Gustin Made in Italy Desert Chukka – $159.00 (*campaign closed)
About the Author: Adam Terry is a 29-year-old Technical Trainer in the heating and manufacturing industry. He’s #menswear by day and #workwear by night. He enjoys raw selvedge denim, Scotch whisky, and working on maintaining his dad bod.
*Editor’s Note: Why do a post about shoes you can’t currently buy? Because many might be intrigued by Gustin, their purchasing model, and their quality/craftsmanship. Plus, Gustin has been known to bring back popular products for another run.
Thanks to their unique crowdfunding business model, Gustin is in a great position to try new things. They recently launched a chukka sneaker hybrid, combining the sleek silhouette of a chukka boot with the rubber Margom cup sole from their ace leather sneakers. What you get is something uniquely casual, yet polished, like an old school Oxford cloth button down shirt.
- Leather: Italian full grain suede in “Desert” (can look warm or cool depending on light)
- Model: Chukka sneaker hybrid
- Sole: Margom Cremino rubber cup
- Price: $173 shipped
Here’s a quick primer on the Gustin buying process: Instead of stocking a bunch of products that may or may not sell, they design a product and create a campaign for it, similar to Kickstarter or Massdrop. If you’re interested in the item, you back the campaign. If the campaign reaches its sales goal, your credit card is charged and the item goes into production.
This pre-order method allows Gustin to make only as many pairs of shoes as it needs to supply the backers. No inventory, less waste, less overhead, which means a lower price for us. And while $160 isn’t cheap, similar chukka sneakers from luxury brands are nearly twice as expensive.
There are a few potential downsides. Since they have no inventory on hand and each batch is made when ordered, production time can range from a few weeks to a few months. These chukkas were ordered in early February and arrived in early May, approximately 13 weeks later. Returns or exchanges are typically for store credit only, which can be understandably frustrating. However, if you can size correctly and wait patiently, I believe the reward is certainly well worth the risk.
Materials and Craftsmanship
The full grain Italian suede is incredibly soft with just a hint of nap. Gustin says the leather was abraded four separate times at the tannery to achieve a precise thickness while maintaining a super plush texture. They nailed it. Compared to the thinner, flatter English suede used by a lot of other manufacturers, this Italian number has some proper character. It’s like playing a round of golf at Pebble Beach instead of your local goat ranch public course. There is a noticeable difference.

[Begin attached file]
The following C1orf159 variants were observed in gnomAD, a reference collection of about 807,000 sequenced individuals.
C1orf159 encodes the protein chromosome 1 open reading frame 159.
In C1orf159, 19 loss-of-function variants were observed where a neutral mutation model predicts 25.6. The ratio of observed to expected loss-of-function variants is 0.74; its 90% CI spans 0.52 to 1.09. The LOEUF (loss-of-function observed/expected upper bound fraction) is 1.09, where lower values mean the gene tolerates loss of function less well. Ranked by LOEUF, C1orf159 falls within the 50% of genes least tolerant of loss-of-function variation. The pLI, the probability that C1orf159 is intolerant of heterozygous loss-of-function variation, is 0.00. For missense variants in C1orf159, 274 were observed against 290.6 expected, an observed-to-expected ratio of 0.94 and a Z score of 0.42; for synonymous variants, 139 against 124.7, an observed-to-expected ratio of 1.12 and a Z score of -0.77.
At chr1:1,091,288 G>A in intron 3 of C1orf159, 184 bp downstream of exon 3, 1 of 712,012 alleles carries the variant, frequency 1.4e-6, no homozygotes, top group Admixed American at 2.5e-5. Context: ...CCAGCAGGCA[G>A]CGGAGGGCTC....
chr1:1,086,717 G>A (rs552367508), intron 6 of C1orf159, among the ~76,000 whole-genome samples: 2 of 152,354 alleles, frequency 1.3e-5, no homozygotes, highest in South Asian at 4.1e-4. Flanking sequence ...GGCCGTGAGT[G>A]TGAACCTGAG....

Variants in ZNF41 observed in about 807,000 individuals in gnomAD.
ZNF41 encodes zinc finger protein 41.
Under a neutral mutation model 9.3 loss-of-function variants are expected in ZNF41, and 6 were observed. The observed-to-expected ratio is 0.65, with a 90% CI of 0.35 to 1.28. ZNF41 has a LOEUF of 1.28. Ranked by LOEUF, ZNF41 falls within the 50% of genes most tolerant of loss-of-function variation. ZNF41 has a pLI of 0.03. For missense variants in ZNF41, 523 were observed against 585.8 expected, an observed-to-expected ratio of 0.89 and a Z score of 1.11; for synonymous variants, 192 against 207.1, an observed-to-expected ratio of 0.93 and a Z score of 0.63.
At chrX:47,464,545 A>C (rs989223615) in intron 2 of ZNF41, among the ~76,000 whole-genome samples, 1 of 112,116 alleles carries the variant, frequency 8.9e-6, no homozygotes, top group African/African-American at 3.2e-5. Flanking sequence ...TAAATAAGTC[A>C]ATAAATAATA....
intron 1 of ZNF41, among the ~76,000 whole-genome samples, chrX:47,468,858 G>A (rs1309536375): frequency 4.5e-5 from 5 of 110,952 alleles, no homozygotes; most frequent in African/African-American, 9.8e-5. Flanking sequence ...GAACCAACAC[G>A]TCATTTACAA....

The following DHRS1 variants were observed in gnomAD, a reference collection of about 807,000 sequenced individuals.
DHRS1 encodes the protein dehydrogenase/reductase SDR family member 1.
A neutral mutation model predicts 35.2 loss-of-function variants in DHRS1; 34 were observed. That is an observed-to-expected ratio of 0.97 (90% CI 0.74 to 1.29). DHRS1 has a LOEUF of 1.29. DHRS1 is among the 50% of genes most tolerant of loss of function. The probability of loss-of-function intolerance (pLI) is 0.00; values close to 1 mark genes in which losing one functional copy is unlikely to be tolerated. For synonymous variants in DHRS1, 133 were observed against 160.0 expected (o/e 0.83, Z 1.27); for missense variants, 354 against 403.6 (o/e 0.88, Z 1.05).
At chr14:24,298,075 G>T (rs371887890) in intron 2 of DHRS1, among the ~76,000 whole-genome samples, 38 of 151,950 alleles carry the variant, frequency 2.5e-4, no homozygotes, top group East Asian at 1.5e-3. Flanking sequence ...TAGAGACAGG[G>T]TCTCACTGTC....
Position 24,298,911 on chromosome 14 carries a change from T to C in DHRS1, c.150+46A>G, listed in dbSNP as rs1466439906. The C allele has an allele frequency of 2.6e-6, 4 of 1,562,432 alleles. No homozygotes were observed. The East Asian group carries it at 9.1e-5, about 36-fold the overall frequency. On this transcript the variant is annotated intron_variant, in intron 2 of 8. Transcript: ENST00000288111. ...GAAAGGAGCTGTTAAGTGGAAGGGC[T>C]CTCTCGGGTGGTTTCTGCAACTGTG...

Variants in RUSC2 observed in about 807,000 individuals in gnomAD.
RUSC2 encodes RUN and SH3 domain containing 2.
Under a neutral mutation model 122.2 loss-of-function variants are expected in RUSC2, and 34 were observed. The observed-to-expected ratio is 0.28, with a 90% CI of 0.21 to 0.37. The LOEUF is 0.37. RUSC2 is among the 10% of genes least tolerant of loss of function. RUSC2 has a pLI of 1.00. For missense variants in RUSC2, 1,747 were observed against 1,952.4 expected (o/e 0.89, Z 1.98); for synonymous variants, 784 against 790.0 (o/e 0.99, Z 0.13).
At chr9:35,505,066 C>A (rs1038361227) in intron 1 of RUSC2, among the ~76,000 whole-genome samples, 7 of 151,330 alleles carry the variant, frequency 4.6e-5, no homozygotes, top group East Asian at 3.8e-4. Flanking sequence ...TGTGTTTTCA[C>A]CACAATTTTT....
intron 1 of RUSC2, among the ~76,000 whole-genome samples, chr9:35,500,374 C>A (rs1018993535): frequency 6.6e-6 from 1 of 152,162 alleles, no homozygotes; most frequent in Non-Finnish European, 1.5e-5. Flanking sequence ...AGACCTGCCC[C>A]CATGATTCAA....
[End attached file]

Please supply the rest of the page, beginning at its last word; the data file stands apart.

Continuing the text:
On the inside you should also notice the glove-soft natural leather lining and removable leather-wrapped insoles. Single needle stitching combines all the bits cleanly without any burrs or loose threads. Worn with or without socks, they feel quite nice.
The Margom Cremino cup outsole should look familiar; many sneaker brands use the same style, except this one is color matched to the Desert suede upper. Margom is known for their high quality, long-lasting rubber soles and these are no exception. For added durability, the outsole is both cemented and stitched to the upper.
These wear a half-size larger than Brannock, like many dress shoes, so you may need to size down. But, if you wear a 10 D in dress Oxfords, try a size 10 here, too. Width runs true.
A chukka sneaker hybrid is a strange animal that balances casual comfort with simple-but-elegant style. No, they’re not everyone’s particular taste, but plenty will love the line this type of shoe walks. When paired with navy chinos or dark indigo denim, the visual pop of buttery-smooth suede can add a layer of sophistication. Make no mistake, these are not cheap leather chukka boots. And while some won’t want to invest the time the Gustin model takes, those that do will certainly get what they pay and wait for.